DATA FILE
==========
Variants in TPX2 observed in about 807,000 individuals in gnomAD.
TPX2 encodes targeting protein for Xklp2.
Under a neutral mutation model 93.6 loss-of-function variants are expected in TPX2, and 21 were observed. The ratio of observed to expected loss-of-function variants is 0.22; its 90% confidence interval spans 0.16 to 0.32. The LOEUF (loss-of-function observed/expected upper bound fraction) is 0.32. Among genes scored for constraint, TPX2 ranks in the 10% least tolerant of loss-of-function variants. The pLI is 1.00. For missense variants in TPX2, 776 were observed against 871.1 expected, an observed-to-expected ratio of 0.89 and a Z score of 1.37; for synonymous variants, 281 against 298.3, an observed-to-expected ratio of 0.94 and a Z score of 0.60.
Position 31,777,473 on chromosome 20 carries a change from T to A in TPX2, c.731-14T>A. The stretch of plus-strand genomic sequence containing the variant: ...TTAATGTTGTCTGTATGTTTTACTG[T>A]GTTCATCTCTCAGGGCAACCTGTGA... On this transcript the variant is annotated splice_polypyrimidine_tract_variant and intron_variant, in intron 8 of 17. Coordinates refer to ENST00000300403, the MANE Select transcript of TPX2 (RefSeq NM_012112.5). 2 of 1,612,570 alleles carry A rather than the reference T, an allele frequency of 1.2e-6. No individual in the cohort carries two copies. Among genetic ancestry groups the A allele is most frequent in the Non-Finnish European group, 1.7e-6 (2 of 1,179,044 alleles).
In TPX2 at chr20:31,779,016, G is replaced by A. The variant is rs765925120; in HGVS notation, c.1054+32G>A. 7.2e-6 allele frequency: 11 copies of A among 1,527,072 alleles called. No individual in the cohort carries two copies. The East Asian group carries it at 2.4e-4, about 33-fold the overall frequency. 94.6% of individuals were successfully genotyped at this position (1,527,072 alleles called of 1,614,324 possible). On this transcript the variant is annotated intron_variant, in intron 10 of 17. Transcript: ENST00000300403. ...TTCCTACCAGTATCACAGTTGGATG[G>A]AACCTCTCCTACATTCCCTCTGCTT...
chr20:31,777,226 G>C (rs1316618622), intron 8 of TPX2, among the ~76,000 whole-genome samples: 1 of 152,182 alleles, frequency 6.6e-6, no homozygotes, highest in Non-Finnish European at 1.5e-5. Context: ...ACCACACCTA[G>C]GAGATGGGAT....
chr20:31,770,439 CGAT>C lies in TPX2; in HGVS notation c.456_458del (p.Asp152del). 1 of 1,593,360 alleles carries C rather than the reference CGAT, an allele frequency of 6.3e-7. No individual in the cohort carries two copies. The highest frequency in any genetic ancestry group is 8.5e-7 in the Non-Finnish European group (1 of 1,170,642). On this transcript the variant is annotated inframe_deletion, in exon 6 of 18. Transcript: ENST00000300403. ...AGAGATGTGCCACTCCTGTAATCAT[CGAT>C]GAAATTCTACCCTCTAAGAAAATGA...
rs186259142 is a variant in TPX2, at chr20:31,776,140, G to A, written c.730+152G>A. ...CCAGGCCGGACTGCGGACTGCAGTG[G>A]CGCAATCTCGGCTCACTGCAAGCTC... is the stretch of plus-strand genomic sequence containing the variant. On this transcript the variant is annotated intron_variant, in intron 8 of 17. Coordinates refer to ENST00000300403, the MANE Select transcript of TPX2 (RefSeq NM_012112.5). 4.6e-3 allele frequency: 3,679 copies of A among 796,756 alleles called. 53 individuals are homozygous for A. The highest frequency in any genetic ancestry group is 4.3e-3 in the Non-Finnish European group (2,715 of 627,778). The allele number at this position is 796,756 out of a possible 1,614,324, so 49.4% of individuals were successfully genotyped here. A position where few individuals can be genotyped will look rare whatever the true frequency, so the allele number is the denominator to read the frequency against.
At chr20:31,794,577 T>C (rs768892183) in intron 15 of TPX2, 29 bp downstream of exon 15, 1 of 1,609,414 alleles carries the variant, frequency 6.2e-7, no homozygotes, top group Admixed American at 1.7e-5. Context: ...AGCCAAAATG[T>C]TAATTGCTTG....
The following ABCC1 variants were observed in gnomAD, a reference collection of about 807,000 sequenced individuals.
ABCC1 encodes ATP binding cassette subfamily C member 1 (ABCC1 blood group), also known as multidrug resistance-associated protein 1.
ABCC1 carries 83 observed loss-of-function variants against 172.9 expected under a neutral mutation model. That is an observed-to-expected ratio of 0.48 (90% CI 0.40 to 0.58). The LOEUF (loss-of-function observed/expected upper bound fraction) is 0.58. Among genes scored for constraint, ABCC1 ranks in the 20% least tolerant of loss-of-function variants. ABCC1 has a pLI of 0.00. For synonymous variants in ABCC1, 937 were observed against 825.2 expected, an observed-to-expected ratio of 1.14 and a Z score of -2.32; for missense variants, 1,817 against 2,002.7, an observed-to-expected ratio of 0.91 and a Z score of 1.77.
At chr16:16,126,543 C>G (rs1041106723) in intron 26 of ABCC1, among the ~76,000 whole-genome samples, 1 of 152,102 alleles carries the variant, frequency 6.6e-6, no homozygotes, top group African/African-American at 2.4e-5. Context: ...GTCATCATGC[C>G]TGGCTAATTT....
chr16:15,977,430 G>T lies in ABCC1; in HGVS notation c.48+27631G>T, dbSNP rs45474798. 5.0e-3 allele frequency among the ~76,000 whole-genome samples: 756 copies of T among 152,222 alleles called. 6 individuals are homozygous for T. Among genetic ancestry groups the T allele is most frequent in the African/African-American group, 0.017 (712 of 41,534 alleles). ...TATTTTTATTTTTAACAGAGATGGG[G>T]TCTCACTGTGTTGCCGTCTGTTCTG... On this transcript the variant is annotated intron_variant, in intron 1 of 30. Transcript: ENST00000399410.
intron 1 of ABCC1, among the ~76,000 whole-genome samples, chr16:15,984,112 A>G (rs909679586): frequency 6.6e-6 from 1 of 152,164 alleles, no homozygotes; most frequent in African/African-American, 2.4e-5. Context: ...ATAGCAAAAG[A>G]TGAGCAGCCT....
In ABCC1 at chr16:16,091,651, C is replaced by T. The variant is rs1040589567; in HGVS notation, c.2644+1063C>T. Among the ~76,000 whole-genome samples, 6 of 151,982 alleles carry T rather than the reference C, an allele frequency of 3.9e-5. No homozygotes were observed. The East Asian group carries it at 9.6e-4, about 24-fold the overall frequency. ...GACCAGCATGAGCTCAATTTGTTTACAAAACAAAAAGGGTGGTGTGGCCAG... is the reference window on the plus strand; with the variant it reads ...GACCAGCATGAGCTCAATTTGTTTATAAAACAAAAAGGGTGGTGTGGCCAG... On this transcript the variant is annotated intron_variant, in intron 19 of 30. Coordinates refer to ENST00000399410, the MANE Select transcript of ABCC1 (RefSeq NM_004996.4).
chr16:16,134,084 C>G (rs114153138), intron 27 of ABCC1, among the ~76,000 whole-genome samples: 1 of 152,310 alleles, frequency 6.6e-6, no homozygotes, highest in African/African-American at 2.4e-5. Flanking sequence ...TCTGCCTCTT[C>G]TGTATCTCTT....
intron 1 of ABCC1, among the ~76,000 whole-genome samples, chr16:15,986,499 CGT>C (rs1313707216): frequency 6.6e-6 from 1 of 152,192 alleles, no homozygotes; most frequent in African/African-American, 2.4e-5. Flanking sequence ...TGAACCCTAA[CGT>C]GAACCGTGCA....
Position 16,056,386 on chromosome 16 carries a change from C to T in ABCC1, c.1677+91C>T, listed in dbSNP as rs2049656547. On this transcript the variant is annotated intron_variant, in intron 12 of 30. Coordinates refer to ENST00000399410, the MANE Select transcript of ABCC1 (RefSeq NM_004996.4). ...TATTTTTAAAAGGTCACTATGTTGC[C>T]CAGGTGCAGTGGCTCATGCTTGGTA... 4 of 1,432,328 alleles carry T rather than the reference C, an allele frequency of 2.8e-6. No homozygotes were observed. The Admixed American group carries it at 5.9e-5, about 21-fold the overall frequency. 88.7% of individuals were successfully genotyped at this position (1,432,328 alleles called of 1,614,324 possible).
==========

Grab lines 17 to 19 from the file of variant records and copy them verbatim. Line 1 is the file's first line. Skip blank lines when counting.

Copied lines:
chr16:16,134,084 C>G (rs114153138), intron 27 of ABCC1, among the ~76,000 whole-genome samples: 1 of 152,310 alleles, frequency 6.6e-6, no homozygotes, highest in African/African-American at 2.4e-5. Flanking sequence ...TCTGCCTCTT[C>G]TGTATCTCTT....
intron 1 of ABCC1, among the ~76,000 whole-genome samples, chr16:15,986,499 CGT>C (rs1313707216): frequency 6.6e-6 from 1 of 152,192 alleles, no homozygotes; most frequent in African/African-American, 2.4e-5. Flanking sequence ...TGAACCCTAA[CGT>C]GAACCGTGCA....
Position 16,056,386 on chromosome 16 carries a change from C to T in ABCC1, c.1677+91C>T, listed in dbSNP as rs2049656547. On this transcript the variant is annotated intron_variant, in intron 12 of 30. Coordinates refer to ENST00000399410, the MANE Select transcript of ABCC1 (RefSeq NM_004996.4). ...TATTTTTAAAAGGTCACTATGTTGC[C>T]CAGGTGCAGTGGCTCATGCTTGGTA... 4 of 1,432,328 alleles carry T rather than the reference C, an allele frequency of 2.8e-6. No homozygotes were observed. The Admixed American group carries it at 5.9e-5, about 21-fold the overall frequency. 88.7% of individuals were successfully genotyped at this position (1,432,328 alleles called of 1,614,324 possible).